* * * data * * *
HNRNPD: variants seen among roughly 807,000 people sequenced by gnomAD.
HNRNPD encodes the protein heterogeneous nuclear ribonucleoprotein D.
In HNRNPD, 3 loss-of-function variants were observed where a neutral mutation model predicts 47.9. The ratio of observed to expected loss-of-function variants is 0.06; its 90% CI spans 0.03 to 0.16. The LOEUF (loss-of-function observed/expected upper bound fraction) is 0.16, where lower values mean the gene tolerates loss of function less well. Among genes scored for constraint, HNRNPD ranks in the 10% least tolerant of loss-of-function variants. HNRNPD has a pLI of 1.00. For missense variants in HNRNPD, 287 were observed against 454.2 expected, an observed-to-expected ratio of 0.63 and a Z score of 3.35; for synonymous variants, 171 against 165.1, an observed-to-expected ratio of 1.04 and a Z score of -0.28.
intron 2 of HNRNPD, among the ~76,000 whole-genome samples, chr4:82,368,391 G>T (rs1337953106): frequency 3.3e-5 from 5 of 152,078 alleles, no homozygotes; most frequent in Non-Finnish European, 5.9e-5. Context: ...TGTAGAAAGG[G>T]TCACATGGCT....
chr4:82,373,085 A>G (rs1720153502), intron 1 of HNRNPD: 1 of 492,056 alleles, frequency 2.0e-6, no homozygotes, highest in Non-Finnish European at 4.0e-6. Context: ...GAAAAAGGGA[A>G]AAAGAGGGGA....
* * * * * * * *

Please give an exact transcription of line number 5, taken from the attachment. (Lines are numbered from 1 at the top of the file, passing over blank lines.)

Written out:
chr4:82,373,085 A>G (rs1720153502), intron 1 of HNRNPD: 1 of 492,056 alleles, frequency 2.0e-6, no homozygotes, highest in Non-Finnish European at 4.0e-6. Context: ...GAAAAAGGGA[A>G]AAAGAGGGGA....